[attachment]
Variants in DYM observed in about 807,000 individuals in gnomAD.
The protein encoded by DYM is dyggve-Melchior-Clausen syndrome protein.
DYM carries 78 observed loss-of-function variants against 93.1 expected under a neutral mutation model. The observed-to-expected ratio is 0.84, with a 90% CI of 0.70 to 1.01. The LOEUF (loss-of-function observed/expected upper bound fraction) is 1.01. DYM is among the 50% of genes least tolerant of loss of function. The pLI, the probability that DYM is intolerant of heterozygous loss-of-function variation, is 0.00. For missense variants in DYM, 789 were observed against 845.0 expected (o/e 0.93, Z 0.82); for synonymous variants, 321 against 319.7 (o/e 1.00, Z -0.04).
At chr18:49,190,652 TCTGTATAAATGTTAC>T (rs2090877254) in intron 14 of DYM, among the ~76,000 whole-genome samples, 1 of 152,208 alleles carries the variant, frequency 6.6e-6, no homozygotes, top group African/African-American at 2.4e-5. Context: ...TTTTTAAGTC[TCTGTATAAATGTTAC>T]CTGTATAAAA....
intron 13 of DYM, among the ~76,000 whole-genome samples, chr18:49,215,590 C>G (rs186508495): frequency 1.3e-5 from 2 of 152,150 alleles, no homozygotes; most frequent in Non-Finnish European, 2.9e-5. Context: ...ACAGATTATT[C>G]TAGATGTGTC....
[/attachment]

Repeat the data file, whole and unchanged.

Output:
Variants in DYM observed in about 807,000 individuals in gnomAD.
The protein encoded by DYM is dyggve-Melchior-Clausen syndrome protein.
DYM carries 78 observed loss-of-function variants against 93.1 expected under a neutral mutation model. The observed-to-expected ratio is 0.84, with a 90% CI of 0.70 to 1.01. The LOEUF (loss-of-function observed/expected upper bound fraction) is 1.01. DYM is among the 50% of genes least tolerant of loss of function. The pLI, the probability that DYM is intolerant of heterozygous loss-of-function variation, is 0.00. For missense variants in DYM, 789 were observed against 845.0 expected (o/e 0.93, Z 0.82); for synonymous variants, 321 against 319.7 (o/e 1.00, Z -0.04).
At chr18:49,190,652 TCTGTATAAATGTTAC>T (rs2090877254) in intron 14 of DYM, among the ~76,000 whole-genome samples, 1 of 152,208 alleles carries the variant, frequency 6.6e-6, no homozygotes, top group African/African-American at 2.4e-5. Context: ...TTTTTAAGTC[TCTGTATAAATGTTAC>T]CTGTATAAAA....
intron 13 of DYM, among the ~76,000 whole-genome samples, chr18:49,215,590 C>G (rs186508495): frequency 1.3e-5 from 2 of 152,150 alleles, no homozygotes; most frequent in Non-Finnish European, 2.9e-5. Context: ...ACAGATTATT[C>G]TAGATGTGTC....